Senior state officials in Missouri attempted to pressure Ferguson police chief Tom Jackson to resign, following the fatal shooting of Michael Brown by Officer Darren Wilson, The Associated Press (AP) reported, citing interviews with several elected officials and records released on Friday.
Ferguson mayor James Knowles III told AP that top state officials had held several meetings, where they applied pressure on the city to force Jackson's resignation. Jackson's force attracted widespread criticism, both for its handling of the aftermath of the unarmed black teen's killing, and also for his agency's inconsistent and sometimes delayed releases of key information pertaining to the incident.
Brown was shot by Wilson Aug. 9, an incident that triggered days of unrest in the predominantly black town. Tensions escalated across the nation after a Ferguson grand jury decided in November not to indict the white officer over the fatal shooting.
"I was at a lot of meetings where that was brought up," Knowles said. "There were different people advocating for the chief to be fired or quit or whatever. I want to make it clear: We never considered that."
Knowles on Friday reportedly refused to mention the names of any officials who urged Jackson's removal or resignation.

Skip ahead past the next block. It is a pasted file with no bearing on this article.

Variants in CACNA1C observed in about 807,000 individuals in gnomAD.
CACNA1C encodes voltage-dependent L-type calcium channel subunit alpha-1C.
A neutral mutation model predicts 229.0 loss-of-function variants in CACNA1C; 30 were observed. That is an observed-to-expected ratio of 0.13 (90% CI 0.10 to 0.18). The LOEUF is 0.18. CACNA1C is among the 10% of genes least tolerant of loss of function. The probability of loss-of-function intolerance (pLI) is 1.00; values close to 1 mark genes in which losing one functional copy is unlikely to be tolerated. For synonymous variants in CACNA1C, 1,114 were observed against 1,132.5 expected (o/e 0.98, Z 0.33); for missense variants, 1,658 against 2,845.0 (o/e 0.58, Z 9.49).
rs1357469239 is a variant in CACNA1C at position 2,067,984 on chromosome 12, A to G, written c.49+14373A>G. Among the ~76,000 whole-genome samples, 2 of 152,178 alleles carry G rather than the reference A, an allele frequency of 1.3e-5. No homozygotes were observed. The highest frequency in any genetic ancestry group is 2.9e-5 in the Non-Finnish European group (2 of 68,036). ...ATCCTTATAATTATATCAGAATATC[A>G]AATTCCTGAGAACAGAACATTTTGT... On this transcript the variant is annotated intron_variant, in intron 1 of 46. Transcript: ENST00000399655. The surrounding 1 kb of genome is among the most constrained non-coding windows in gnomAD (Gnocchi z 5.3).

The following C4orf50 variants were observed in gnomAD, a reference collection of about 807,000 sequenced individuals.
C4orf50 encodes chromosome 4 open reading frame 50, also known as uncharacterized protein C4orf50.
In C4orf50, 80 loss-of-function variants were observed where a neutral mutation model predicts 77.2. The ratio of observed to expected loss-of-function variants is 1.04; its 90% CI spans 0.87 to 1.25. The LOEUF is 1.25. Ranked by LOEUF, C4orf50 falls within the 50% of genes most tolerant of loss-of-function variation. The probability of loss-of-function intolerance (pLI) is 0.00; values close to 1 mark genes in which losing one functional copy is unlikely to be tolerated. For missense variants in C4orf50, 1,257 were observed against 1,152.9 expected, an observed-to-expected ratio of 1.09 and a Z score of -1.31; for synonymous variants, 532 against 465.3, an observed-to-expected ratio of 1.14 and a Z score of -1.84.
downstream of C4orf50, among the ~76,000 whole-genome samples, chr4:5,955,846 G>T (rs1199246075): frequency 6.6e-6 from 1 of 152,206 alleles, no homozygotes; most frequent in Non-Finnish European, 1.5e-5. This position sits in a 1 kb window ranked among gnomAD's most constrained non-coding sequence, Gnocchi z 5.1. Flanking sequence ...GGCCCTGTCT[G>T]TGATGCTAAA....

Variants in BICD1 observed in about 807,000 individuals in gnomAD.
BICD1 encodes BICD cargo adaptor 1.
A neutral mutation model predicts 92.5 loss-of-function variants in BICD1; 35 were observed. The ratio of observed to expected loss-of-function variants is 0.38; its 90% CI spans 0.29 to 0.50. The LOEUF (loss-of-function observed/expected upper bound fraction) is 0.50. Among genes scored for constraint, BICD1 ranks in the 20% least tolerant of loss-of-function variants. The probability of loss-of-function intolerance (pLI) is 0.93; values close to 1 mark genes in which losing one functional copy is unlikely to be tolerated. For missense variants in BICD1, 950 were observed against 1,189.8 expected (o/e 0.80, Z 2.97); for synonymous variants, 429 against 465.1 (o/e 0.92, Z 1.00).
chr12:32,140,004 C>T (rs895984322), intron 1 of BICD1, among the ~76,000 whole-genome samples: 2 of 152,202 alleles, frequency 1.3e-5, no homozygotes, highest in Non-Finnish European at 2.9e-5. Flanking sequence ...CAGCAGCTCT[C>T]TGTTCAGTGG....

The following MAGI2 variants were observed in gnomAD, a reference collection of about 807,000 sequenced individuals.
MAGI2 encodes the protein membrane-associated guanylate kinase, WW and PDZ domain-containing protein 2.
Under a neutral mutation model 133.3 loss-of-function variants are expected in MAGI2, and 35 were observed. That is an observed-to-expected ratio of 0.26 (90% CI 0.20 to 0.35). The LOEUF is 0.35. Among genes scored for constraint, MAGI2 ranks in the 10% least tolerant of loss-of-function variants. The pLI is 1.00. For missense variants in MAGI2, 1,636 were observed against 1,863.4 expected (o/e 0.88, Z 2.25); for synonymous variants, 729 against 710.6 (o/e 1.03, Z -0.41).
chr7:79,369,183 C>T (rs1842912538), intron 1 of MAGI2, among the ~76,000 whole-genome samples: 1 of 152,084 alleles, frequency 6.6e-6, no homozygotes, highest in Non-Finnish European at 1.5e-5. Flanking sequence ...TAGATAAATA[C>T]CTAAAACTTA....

Missouri House Speaker John Diehl and U.S. Sen. Claire McCaskill also reportedly confirmed that they both attended a meeting to discuss whether Jackson should be forced out.
McCaskill reportedly said in a written statement that she attended such a meeting, which involved community leaders, elected officials and law enforcement officials.
"A variety of issues were discussed to help ease tension in the St. Louis region, and address systemic issues highlighted in Ferguson -- issues including personnel changes at the Ferguson police department," the statement said, according to AP.
Diehl, a Republican from the St. Louis suburb of Town and Country, reportedly said that he attended two meetings that were aimed at efforts to seek the resignation of both Jackson and Wilson, adding that the meetings took place around the time of the Nov. 4 elections.
He reportedly said that he disagreed with the attempts to secure the men's resignations, because a grand jury was still hearing evidence in the case and a decision was pending.
"A substantial part of the conversation centered around trying to get Darren Wilson to resign prior to the decision of the grand jury and to get Chief Jackson to resign, and I didn't have any interest in participating in that," Diehl reportedly said.
An email with the subject line, "Ferguson Chief Jackson Meeting," dating Nov. 10 was sent by St. Louis County Police Chief Jon Belmar to an assistant, indicated Jackson’s “separation” and also identified a St. Louis County police lieutenant colonel named Doyle as a potential successor.
Doyle "will become the ranking officer of the FPD," the email, which was a part of records provided to AP under an open records request, read. However, Doyle's first name was not mentioned in the email, but AP reported that Troy Doyle is a lieutenant colonel for the county police.